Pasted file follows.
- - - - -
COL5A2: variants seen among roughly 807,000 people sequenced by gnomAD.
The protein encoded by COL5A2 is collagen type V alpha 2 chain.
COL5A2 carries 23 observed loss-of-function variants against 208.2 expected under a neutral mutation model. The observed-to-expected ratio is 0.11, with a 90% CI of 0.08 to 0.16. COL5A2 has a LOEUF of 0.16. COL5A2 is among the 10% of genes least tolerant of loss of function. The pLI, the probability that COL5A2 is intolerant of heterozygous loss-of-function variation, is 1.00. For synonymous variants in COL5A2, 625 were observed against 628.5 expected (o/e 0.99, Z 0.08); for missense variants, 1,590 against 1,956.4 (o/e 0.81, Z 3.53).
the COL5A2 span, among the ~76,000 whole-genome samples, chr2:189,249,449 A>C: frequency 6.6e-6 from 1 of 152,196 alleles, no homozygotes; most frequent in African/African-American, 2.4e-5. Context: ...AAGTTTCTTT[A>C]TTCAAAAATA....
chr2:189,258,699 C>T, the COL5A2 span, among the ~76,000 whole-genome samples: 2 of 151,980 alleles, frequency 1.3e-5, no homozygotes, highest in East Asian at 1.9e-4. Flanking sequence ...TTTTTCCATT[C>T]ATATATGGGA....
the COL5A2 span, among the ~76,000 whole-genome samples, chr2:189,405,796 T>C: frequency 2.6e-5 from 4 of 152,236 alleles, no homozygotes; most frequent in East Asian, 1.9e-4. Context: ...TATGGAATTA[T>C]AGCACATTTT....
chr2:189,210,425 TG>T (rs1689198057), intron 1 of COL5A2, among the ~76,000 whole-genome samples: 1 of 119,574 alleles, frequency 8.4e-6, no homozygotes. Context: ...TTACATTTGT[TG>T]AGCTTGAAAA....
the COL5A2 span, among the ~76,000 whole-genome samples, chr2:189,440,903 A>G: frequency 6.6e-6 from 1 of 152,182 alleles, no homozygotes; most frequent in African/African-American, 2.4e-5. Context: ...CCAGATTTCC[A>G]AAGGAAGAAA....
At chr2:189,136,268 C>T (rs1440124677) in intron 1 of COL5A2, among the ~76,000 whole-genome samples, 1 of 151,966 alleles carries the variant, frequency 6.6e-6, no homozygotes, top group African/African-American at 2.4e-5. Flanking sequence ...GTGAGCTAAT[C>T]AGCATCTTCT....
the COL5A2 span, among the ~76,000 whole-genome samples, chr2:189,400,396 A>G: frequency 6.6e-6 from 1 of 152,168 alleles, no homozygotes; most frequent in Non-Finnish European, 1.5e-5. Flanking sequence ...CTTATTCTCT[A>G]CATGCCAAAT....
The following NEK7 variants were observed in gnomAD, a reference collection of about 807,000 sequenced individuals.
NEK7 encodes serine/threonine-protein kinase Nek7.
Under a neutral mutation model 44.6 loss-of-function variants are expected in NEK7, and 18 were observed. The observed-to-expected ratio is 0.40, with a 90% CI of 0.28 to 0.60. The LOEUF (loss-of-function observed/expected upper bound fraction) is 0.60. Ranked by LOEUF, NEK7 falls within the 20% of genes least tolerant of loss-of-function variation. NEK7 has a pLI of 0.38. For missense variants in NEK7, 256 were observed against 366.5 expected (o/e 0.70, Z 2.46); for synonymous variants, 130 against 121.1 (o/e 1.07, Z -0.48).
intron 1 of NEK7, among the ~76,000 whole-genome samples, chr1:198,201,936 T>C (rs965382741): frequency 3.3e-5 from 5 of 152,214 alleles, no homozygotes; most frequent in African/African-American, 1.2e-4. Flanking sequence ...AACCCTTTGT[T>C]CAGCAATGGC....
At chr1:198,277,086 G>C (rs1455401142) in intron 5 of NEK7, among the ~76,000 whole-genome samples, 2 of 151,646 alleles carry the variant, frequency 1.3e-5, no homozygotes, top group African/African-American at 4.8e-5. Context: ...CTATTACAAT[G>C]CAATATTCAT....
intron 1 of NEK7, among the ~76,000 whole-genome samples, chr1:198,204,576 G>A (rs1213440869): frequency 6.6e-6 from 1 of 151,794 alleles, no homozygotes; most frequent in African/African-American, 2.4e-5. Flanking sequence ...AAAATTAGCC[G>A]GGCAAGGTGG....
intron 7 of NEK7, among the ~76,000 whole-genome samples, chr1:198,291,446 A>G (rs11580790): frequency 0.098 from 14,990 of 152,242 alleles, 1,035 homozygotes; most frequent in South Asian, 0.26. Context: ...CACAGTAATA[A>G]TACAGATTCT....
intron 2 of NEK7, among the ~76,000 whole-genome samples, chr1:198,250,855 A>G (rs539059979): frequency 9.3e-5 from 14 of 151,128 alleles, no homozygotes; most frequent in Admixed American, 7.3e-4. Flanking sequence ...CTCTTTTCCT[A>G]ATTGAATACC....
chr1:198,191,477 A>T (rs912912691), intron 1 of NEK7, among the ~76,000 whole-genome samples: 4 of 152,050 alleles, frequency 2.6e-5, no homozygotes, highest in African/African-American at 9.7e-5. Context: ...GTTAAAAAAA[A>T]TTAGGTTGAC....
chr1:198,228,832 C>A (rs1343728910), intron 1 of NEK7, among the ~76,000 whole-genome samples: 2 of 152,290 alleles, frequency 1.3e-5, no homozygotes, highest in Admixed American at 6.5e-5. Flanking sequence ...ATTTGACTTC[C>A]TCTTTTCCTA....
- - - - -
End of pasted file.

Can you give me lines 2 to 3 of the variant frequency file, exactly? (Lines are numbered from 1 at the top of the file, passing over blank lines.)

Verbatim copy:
The protein encoded by COL5A2 is collagen type V alpha 2 chain.
COL5A2 carries 23 observed loss-of-function variants against 208.2 expected under a neutral mutation model. The observed-to-expected ratio is 0.11, with a 90% CI of 0.08 to 0.16. COL5A2 has a LOEUF of 0.16. COL5A2 is among the 10% of genes least tolerant of loss of function. The pLI, the probability that COL5A2 is intolerant of heterozygous loss-of-function variation, is 1.00. For synonymous variants in COL5A2, 625 were observed against 628.5 expected (o/e 0.99, Z 0.08); for missense variants, 1,590 against 1,956.4 (o/e 0.81, Z 3.53).